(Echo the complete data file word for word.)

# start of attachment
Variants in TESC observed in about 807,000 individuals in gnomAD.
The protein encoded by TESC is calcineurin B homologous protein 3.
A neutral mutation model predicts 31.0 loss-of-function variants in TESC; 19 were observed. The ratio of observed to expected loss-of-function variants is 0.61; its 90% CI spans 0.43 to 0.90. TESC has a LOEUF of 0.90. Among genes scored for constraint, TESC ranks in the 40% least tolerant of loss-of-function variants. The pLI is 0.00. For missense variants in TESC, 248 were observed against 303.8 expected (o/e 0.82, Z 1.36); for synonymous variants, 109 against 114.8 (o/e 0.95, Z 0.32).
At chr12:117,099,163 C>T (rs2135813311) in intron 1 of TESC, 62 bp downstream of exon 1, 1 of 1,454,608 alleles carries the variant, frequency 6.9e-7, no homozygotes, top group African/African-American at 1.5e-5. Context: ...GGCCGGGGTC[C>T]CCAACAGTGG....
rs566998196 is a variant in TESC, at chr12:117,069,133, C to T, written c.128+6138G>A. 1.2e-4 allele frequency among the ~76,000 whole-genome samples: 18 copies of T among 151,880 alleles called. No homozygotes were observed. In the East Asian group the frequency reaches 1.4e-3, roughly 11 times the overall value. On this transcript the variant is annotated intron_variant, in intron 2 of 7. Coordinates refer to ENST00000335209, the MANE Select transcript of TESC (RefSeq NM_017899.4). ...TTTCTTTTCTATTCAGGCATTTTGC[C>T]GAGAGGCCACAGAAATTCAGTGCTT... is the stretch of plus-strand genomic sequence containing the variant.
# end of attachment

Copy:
Variants in TESC observed in about 807,000 individuals in gnomAD.
The protein encoded by TESC is calcineurin B homologous protein 3.
A neutral mutation model predicts 31.0 loss-of-function variants in TESC; 19 were observed. The ratio of observed to expected loss-of-function variants is 0.61; its 90% CI spans 0.43 to 0.90. TESC has a LOEUF of 0.90. Among genes scored for constraint, TESC ranks in the 40% least tolerant of loss-of-function variants. The pLI is 0.00. For missense variants in TESC, 248 were observed against 303.8 expected (o/e 0.82, Z 1.36); for synonymous variants, 109 against 114.8 (o/e 0.95, Z 0.32).
At chr12:117,099,163 C>T (rs2135813311) in intron 1 of TESC, 62 bp downstream of exon 1, 1 of 1,454,608 alleles carries the variant, frequency 6.9e-7, no homozygotes, top group African/African-American at 1.5e-5. Context: ...GGCCGGGGTC[C>T]CCAACAGTGG....
rs566998196 is a variant in TESC, at chr12:117,069,133, C to T, written c.128+6138G>A. 1.2e-4 allele frequency among the ~76,000 whole-genome samples: 18 copies of T among 151,880 alleles called. No homozygotes were observed. In the East Asian group the frequency reaches 1.4e-3, roughly 11 times the overall value. On this transcript the variant is annotated intron_variant, in intron 2 of 7. Coordinates refer to ENST00000335209, the MANE Select transcript of TESC (RefSeq NM_017899.4). ...TTTCTTTTCTATTCAGGCATTTTGC[C>T]GAGAGGCCACAGAAATTCAGTGCTT... is the stretch of plus-strand genomic sequence containing the variant.